An ad exchange is an all-in-one platform where advertisers and publishers can both sign up to host ads, or display their ads. Using an ad exchange usually has great benefits for both publishers and advertisers, as it means access to a broad selection of websites or other digital channels, and a big pool of advertisers too.

Google operates Google Ads, which allows advertisers to create a huge variety of pay per click ads, from paid search results to sponsored video or in-app display ads.

Google also offers Adsense, which allows website owners (publishers) to sign up and offer real estate on their websites to monetise their traffic. Think of any news website these days, and you’ll often see ad banners or ‘sponsored content’, which is this advertising real estate.

Other ad exchanges include Microsoft’s Bing Ads, OpenX and Rubicon Project.

Programmatic media formats 

If you’re familiar with pay per click marketing, you’ll be aware of the different formats available for your programmatic marketing. You can of course mix and match, with some ad exchanges specialising in one type of ad, or others offering a more general approach.

Google Ads for example offers almost all of the formats listed here, whereas Facebook Ads focuses on the paid social options. These are the most commonforms of programmatic media available to advertisers.

The different types of programmatic media advertising formats
  • Search engine results (SERPs)

Paying to appear at the top of the Google or Bing search results is one of the original models of programmatic advertising. Paid search ensures the link to your business is one of the first things people see when they run a query through a search engine and is still one of the most popular formats.

  • Display ads

Banner ads placed on a website are known as display ads. These can be simple images or text, or animated banners. There are a variety of sizes and shapes, depending on the placement of the ad.

  • Video ads

Video ads can either be used to embed on external websites, or can play within another video for example on YouTube. In terms of programmatic advertising, video ads are a growing sector and can be very versatile. 

Think of ads on Twitter or Facebook, as well as those that run pre-roll (before the main video) on YouTube.

  • Paid social ads

There is a whole world of options when it comes to paid social media posting. From sponsored Instagram posts to boosted Tweets or targeted Facebook ads. As part of your programmatic advertising, paid social is a powerful component and one that is always changing.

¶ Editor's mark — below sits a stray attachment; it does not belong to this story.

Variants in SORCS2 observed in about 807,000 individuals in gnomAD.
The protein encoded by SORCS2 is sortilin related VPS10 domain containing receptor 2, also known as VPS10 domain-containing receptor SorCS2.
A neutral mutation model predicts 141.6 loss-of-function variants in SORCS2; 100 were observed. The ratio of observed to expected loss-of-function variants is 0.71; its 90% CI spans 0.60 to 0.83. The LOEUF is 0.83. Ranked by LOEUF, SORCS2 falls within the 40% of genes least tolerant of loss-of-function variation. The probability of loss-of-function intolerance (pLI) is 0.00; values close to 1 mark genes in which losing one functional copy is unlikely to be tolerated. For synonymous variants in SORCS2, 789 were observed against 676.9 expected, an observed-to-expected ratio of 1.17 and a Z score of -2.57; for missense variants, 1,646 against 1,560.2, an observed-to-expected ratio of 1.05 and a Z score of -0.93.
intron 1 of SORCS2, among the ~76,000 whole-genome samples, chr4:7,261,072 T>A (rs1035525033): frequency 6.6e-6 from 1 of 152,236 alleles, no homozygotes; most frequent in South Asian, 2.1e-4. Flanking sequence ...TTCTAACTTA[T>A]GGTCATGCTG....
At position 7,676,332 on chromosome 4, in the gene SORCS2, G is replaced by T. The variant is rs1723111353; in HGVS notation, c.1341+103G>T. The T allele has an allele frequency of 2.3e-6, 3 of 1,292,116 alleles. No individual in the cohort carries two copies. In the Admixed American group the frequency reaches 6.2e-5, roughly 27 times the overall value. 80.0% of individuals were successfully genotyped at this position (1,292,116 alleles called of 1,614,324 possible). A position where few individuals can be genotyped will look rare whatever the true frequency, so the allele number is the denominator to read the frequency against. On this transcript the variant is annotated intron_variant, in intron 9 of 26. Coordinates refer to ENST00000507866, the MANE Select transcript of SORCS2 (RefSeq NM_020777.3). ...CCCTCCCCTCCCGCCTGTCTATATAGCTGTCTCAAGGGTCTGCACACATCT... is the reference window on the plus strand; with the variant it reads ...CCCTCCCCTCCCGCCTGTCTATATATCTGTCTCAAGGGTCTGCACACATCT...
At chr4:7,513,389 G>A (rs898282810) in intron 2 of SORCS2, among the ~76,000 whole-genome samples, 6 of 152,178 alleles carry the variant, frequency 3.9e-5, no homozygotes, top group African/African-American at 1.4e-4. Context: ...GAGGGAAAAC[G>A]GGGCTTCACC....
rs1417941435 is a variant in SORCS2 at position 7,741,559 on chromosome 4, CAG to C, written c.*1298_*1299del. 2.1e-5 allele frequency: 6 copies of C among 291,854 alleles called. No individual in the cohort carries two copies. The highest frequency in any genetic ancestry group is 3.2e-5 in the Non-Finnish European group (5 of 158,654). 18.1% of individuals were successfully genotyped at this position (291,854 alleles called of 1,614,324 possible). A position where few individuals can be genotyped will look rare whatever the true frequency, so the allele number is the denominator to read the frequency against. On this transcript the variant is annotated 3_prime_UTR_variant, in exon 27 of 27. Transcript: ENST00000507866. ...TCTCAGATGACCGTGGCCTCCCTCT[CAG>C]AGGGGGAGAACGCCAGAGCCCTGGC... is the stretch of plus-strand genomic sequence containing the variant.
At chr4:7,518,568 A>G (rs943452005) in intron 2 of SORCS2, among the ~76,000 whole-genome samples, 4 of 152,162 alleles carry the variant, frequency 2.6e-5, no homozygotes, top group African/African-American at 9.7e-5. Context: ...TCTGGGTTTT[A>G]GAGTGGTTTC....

These days you’ll find options to create Snapchat filters or create surveys on Linkedin as a means to generate views for your ad.

  • Native ads

Displaying suggested content within the context of a magazine, shop or social media feed is known as native advertising. This attempts to seamlessly suggest promotional content that might be of interest to casual browsers. For example, suggested products on a shopping platform, or a sponsored post on a popular news website.

  • In-App ads

Free to use mobile apps often use in-app ads to monetise their platform. This can be in the form of simple ad banners, pop ups or even in-app rewards, such as watching a video or answering a question. Although this is a form of both native ad and display ad, in-app ads are a form of programmatic advertising in their own right.

  • Digital out of home (DOOH)

Traditional billboards and ads on buses are getting a digital makeover and are already becoming more intelligent. Although not yet entirely mainstream, there are a number of companies looking at using digital out of home advertising to retarget based on local demographics or behaviour. 

Keep an eye out for DOOH as this is sure to be a key programmatic advertising method in years to come. 

How to buy ads using programmatic advertising

The benefit of using programmatic advertising is that the entire transaction is automated. Your ads are displayed in accordance with your preferences, with different bidding and buying options available.